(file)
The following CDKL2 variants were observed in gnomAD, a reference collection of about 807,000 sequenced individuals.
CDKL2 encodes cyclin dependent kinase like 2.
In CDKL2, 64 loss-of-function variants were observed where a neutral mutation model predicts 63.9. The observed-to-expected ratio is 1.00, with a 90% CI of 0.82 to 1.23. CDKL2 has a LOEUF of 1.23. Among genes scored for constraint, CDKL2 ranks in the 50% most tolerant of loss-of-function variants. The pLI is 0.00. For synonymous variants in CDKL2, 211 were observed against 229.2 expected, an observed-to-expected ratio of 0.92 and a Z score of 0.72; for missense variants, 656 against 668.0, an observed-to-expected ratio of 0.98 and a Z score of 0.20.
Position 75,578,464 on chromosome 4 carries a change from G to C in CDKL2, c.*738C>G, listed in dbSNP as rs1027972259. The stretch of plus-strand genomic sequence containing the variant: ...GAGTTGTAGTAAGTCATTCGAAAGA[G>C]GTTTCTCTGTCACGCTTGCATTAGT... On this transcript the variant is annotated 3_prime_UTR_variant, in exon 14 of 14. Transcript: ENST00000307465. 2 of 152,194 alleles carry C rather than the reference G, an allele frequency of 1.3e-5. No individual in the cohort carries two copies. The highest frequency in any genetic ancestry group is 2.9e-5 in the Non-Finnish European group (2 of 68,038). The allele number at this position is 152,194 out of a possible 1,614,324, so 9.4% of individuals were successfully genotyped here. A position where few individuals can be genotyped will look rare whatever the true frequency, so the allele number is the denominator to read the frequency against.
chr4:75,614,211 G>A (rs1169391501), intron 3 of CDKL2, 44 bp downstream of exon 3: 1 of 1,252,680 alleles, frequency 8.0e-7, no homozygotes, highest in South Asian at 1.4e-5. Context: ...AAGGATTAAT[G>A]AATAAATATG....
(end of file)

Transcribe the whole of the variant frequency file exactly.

The following CDKL2 variants were observed in gnomAD, a reference collection of about 807,000 sequenced individuals.
CDKL2 encodes cyclin dependent kinase like 2.
In CDKL2, 64 loss-of-function variants were observed where a neutral mutation model predicts 63.9. The observed-to-expected ratio is 1.00, with a 90% CI of 0.82 to 1.23. CDKL2 has a LOEUF of 1.23. Among genes scored for constraint, CDKL2 ranks in the 50% most tolerant of loss-of-function variants. The pLI is 0.00. For synonymous variants in CDKL2, 211 were observed against 229.2 expected, an observed-to-expected ratio of 0.92 and a Z score of 0.72; for missense variants, 656 against 668.0, an observed-to-expected ratio of 0.98 and a Z score of 0.20.
Position 75,578,464 on chromosome 4 carries a change from G to C in CDKL2, c.*738C>G, listed in dbSNP as rs1027972259. The stretch of plus-strand genomic sequence containing the variant: ...GAGTTGTAGTAAGTCATTCGAAAGA[G>C]GTTTCTCTGTCACGCTTGCATTAGT... On this transcript the variant is annotated 3_prime_UTR_variant, in exon 14 of 14. Transcript: ENST00000307465. 2 of 152,194 alleles carry C rather than the reference G, an allele frequency of 1.3e-5. No individual in the cohort carries two copies. The highest frequency in any genetic ancestry group is 2.9e-5 in the Non-Finnish European group (2 of 68,038). The allele number at this position is 152,194 out of a possible 1,614,324, so 9.4% of individuals were successfully genotyped here. A position where few individuals can be genotyped will look rare whatever the true frequency, so the allele number is the denominator to read the frequency against.
chr4:75,614,211 G>A (rs1169391501), intron 3 of CDKL2, 44 bp downstream of exon 3: 1 of 1,252,680 alleles, frequency 8.0e-7, no homozygotes, highest in South Asian at 1.4e-5. Context: ...AAGGATTAAT[G>A]AATAAATATG....